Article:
British Airways IT outage: What went wrong with its datacentre?
BA has blamed “human error” for its bank holiday datacentre outage, but the Uptime Institute suggests there may be more to it than that
The explanation offered by British Airways as to the cause of its bank holiday datacentre meltdown is insufficient, say experts, who slam the airline for putting the incident down to “human error”.
Speaking to Computer Weekly, Uptime Institute president Lee Kirby said the phrase is all too often used by firms to hide a multitude of datacentre design and training flaws, caused by years of underinvestment in their server farms.
“We have collected incident data and conducted root cause analysis for more than 20 years and have the largest database of incidents from which to draw industry-level trends,” he said. “One thing we have noticed is that ‘human error’ is an overarching label that describes the outcomes of poor management decisions.”
More than two decades have passed since the Uptime Institute published its Tier Standards Topology classification system, which gives operators a steer on how to build redundancy into their datacentres, but it seems the message is still not getting through to some, said Kirby.
“From a high-level point of view, the thing that is troubling me is that we’re still having major datacentre outages when we solved this problem 20 or more years ago with the introduction of the Tier Standards,” he said.
“If you had a Tier 3 datacentre with redundant distribution paths and equipment, you wouldn’t be running into these problems.”
Willie Walsh, CEO of BA’s parent company, IAG, confirmed this week that the May bank holiday outage was caused by an engineer disconnecting the power supply to one of its datacentres, before reinstating it incorrectly.
Major damage to servers
It is understood this led to a power surge, which caused major damage to the servers the airline uses to run its online check-in, baggage handling and customer contact systems, resulting in flights from Heathrow and Gatwick being grounded for the best part of two days.
If the system is properly designed, an incident of this nature should not cause an incident as severe as the one BA suffered, but that largely depends on when the site in question was built, Uptime Institute CTO Chris Brown told Computer Weekly.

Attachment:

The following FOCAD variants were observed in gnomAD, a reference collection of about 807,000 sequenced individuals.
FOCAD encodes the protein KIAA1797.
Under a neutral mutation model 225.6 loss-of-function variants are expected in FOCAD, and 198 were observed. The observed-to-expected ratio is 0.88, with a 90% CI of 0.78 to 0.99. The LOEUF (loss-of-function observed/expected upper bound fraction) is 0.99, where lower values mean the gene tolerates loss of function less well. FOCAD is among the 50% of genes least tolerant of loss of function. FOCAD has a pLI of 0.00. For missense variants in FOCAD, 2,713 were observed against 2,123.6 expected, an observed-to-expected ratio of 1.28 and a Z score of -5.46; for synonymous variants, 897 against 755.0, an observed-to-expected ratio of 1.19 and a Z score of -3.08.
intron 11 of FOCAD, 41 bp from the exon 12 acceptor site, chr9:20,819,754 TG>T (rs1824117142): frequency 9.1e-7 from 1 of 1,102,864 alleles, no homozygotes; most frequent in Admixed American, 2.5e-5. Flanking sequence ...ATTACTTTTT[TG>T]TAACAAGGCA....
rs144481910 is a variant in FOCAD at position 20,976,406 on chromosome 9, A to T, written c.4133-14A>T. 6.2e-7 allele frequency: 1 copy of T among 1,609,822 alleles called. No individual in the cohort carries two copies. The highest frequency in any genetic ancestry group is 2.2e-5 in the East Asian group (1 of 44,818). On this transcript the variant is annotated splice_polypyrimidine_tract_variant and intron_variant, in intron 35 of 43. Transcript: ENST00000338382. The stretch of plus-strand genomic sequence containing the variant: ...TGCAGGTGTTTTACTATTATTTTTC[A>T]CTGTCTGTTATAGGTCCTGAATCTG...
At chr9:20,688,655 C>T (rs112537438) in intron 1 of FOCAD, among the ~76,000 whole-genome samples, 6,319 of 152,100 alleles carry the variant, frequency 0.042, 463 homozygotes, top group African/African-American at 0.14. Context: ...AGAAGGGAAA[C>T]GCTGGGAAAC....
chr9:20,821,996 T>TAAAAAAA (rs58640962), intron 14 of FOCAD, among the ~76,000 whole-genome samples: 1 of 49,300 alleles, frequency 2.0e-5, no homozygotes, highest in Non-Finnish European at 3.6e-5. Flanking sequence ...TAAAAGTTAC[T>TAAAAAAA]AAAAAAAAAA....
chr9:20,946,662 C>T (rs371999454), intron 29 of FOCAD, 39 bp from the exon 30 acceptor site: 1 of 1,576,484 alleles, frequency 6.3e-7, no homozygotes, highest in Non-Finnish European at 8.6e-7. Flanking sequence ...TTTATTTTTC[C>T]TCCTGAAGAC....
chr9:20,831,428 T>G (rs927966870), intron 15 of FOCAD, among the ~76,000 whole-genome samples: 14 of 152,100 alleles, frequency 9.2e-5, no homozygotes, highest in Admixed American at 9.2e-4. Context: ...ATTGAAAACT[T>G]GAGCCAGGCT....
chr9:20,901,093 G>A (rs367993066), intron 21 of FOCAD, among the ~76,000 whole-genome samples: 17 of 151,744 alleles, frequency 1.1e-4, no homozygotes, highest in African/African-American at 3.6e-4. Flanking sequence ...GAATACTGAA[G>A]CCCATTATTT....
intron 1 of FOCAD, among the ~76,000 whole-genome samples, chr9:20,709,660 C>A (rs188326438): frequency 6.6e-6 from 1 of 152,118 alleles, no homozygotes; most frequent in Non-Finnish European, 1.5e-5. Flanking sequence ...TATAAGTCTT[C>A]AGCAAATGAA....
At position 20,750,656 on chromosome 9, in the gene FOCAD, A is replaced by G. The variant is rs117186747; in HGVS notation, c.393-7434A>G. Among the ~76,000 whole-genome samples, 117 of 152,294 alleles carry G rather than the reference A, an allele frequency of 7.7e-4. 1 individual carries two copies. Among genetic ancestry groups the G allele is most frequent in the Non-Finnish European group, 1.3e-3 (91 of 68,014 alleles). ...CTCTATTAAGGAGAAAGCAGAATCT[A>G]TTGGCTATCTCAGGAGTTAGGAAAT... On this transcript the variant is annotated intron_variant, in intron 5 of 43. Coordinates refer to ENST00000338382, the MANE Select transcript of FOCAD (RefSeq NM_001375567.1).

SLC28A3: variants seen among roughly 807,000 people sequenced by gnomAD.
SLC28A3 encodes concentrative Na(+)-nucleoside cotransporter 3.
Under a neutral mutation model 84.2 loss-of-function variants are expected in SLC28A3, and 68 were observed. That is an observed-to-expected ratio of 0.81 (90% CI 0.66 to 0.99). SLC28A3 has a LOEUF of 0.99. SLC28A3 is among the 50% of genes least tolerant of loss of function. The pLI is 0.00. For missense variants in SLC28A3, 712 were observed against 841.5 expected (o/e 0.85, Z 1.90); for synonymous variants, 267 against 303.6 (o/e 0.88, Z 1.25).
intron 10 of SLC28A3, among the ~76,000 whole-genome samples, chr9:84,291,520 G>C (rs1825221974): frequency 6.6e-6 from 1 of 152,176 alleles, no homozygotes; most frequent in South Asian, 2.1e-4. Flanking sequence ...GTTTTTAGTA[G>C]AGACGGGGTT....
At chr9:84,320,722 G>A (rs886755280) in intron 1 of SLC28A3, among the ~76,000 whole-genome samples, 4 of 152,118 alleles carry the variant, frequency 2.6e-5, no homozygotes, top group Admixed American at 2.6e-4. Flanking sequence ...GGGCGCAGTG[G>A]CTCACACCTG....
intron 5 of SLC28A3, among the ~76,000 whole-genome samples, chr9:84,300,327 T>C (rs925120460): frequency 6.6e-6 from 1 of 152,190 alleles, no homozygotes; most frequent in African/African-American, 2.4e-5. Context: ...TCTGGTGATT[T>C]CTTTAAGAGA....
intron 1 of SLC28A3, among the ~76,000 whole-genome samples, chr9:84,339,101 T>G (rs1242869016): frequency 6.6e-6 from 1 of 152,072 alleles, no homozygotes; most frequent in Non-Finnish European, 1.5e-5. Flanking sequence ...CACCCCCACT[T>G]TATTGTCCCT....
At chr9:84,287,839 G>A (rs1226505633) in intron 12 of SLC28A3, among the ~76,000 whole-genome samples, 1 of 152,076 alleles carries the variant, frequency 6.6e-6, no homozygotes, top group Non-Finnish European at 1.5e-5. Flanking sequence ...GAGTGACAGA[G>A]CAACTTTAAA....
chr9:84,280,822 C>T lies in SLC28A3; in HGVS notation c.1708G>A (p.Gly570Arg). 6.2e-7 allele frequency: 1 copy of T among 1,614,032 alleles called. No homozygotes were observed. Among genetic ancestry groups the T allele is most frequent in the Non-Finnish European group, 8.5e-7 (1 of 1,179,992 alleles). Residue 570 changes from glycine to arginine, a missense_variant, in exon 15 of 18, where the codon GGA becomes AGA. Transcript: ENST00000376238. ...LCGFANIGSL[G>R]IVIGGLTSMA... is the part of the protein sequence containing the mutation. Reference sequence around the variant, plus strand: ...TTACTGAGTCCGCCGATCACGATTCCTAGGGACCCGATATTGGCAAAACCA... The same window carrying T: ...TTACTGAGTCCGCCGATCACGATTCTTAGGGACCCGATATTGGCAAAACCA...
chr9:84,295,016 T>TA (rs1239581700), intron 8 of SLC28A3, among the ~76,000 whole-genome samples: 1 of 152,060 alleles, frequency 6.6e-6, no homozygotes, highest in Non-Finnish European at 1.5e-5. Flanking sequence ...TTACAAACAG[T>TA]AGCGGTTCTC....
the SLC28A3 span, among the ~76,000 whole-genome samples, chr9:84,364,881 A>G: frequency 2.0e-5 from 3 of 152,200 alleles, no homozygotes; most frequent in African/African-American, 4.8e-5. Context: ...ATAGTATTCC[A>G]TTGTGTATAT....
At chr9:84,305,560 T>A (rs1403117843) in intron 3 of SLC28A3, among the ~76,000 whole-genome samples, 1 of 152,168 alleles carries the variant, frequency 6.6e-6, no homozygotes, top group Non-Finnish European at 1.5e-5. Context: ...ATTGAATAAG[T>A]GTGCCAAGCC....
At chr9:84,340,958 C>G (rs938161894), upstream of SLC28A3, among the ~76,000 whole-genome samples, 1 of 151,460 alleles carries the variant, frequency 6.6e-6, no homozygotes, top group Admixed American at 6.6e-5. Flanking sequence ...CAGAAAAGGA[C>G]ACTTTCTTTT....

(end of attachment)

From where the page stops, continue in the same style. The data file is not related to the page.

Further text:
“When they were built, some of the industry-accepted norms may have been a single UPS system and single distribution because most of the equipment in use at the time was single-ported, for instance,” he said.
“Management decisions about budget and cost and spending have not allowed these facilities to be upgraded over time to keep up with the demand and criticality of these systems.”
In the airline industry in particular, flight operators are under mounting pressure to cut costs in the face of growing competition from budget carriers, said Kirby, and the upkeep of their IT estates can be the first thing to suffer.
“Reducing the redundancy of builds is one of the first places they look and when they do that, they put themselves at risk. When something like this happens, the first thing they look for is a tech or sub-contractor to blame, when it’s really [down to] management decisions early on not to prop up the infrastructure, not to put up the training programmes to run 24/7,” he said.
Read more about the BA outage
- The British Airways IT crash was caused by an engineer disconnecting and then reconnecting the datacentre’s power supply, causing a power surge that led to the failure, according to Willie Walsh, CEO of the airline’s parent company, IAG.
- British Airways is embarking on an “exhaustive investigation” to establish the root cause of the datacentre power failure that grounded flights at Heathrow and Gatwick over the bank holiday weekend.
Market forces have also conspired to change the way airlines use and depend on their IT assets, which brings its own pressures and problems, said Brown.
“A lot of the systems the airlines use have been around since the late 1970s and they weren’t really [designed] for client-facing systems. They were for internal use,” he said.
“Throughout the years, the systems have been updated and modified, but not holistically, because going in to rewrite all the systems from the ground up to use multiple datacentres and a lot of redundancy of IT assets is going to incur a lot of costs.
“A lot of the big carriers are being pressured by the more budget airline model to reduce their costs on the shorter-haul flights to keep customers, and the same applies to datacentres.”
For this reason, Kirby and Brown are urging BA to conduct a thorough review into how its datacentres are designed and managed, to prevent a repeat of such problems in the future.
“What they need to do is step back and get a holistic view of the entire situation,” said Brown. “What is the status of their IT systems and the facilities housing them, and what is the status and condition of their operations staff and team and programme?
“Then they’re going to need to create a plan to address that. It won’t be addressed in a short amount of time – it will take time, money and investment.”
Computer Weekly raised the points made by Kirby and Brown with BA, and was told that the company is in the process of conducting a thorough review.
“It was not an IT issue – it was a power issue,” a BA spokesperson said. “We know what happened, and we are investigating why it happened. ”
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